Saudi Oil Chief: The Bust is Over

During a visit to Aramco facilities in Houston, the new Saudi Arabian oil minister confirmed a growing sentiment among market analysts in recent months: the global oil glut that crippled American energy producers is now over.

Khalid Al-Falih gave declarative confirmation while touring various Houston locations this week.

“We are out of it,” Al-Falih told the Houston Chronicle.

The Saudi minister reminded the global market that an incremental upward adjustment in pricing would continue to be seen.

“The oversupply has disappeared. We just have to carry the overhang of inventory for a while until the system works it out.”

This latest pronouncement follows a chain of similar sentiments expressed both at home and abroad. Breitbart Texas recently reported on Florida-based Raymond James & Associates’ bullish forecast that West Texas Intermediate Crude could see market values between $70 to $80 by the end of 2017. The financial firm argued, among other reasons, that domestic producers will not be fast enough to outfit the 3,000-plus drilled uncompleted wells (DUCs) to keep pace with demand, risking a likely price pop in the interim.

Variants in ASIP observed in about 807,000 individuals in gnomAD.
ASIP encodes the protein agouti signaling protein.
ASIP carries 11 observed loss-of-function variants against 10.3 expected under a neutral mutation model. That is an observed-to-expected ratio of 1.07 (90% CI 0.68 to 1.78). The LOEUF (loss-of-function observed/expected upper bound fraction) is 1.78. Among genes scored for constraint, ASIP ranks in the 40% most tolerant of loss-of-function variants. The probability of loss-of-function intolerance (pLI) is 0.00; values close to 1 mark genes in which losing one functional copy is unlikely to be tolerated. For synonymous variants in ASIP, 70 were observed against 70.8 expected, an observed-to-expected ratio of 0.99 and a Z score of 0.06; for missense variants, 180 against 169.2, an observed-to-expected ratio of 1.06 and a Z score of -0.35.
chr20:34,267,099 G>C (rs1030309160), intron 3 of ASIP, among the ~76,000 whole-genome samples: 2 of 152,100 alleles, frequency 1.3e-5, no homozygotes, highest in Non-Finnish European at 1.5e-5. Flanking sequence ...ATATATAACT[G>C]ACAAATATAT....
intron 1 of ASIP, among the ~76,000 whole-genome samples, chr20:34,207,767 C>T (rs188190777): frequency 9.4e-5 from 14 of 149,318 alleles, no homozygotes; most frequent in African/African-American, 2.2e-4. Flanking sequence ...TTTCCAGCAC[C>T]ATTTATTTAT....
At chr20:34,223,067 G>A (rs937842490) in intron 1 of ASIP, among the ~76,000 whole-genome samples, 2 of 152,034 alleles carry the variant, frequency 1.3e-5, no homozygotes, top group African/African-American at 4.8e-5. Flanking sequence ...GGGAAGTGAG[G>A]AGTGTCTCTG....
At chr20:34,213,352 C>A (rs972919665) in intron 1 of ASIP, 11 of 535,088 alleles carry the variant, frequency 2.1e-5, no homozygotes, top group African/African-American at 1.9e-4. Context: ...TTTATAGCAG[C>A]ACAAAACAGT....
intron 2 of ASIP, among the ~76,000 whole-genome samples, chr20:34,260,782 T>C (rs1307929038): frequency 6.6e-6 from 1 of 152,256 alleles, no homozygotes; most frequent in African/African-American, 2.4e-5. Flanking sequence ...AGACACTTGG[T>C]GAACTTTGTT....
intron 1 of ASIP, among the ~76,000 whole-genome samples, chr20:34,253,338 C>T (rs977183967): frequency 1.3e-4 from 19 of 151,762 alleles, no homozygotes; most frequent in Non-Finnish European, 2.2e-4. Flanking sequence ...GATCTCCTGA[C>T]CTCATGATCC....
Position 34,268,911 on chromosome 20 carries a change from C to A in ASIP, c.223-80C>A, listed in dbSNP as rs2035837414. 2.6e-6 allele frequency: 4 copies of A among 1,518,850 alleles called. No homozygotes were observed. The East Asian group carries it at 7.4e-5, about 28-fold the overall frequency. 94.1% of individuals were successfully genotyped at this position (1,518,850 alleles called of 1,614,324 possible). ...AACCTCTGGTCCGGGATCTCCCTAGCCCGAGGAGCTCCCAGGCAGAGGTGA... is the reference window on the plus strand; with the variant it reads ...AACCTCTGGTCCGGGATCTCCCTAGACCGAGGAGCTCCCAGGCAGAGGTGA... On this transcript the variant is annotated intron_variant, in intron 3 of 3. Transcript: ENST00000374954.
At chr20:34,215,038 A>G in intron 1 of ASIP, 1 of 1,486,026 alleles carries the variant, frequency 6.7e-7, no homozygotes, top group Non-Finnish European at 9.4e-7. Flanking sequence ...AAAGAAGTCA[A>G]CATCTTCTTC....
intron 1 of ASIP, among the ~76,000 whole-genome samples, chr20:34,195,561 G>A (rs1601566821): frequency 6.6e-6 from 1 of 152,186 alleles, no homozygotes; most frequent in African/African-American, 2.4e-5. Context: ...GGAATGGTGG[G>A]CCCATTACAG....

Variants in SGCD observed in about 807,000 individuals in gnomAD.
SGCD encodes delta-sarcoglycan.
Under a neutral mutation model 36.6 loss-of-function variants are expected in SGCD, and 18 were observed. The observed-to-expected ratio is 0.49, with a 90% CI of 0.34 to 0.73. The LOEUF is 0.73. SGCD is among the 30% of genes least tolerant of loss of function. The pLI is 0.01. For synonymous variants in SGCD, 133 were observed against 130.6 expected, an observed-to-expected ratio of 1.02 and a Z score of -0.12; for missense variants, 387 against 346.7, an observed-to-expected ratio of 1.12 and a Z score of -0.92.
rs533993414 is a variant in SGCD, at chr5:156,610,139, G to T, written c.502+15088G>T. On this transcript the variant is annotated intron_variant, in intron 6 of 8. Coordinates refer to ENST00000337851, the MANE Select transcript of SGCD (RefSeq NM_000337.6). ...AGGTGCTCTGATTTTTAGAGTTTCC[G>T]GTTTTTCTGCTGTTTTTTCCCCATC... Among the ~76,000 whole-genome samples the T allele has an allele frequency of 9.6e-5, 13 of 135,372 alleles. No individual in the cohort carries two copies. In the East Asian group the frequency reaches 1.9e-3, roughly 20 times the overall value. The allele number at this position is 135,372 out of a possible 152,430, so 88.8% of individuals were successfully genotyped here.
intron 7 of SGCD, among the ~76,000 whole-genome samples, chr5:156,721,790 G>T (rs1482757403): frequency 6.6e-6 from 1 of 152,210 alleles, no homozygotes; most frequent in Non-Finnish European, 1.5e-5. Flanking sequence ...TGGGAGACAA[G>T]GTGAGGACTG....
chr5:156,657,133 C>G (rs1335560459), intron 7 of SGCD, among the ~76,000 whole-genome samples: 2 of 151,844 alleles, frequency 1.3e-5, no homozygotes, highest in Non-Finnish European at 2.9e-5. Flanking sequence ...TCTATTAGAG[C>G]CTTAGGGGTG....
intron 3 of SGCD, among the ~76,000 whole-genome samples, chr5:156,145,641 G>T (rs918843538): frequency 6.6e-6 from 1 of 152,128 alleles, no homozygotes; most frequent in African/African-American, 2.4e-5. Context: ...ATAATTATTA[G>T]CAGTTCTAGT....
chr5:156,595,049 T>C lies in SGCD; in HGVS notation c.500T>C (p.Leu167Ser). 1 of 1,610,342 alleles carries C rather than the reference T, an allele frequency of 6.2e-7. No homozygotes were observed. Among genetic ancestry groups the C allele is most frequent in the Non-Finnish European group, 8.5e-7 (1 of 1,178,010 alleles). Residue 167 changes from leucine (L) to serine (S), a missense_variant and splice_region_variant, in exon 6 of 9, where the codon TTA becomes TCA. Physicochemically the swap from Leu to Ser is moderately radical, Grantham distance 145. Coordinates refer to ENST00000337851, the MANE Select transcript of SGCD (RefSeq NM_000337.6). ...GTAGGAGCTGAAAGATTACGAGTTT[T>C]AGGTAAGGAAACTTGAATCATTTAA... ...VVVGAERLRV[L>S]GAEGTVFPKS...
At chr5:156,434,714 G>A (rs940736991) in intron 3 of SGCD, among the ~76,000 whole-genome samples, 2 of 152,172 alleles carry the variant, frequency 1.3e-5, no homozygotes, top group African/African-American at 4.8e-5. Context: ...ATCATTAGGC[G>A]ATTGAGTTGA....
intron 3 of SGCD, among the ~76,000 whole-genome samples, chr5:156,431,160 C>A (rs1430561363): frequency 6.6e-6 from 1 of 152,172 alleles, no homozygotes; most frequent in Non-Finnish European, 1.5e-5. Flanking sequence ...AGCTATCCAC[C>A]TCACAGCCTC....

A separate Breitbart Texas report noted in late May that OPEC chief Mohammed bin Saleh al-Sada complained that the price of Brent Crude was too low to sustain reasonable profit margins for new exploration.

Man-made and natural disasters alike have already demonstrated how outages in supply anywhere can harm the market everywhere.

Since the 2014 oil glut began, roughly 350,000 American jobs were lost in the energy sector.

Logan Churchwell is a founding member of the Breitbart Texas team. You can follow him on Twitter @LCChurchwell.


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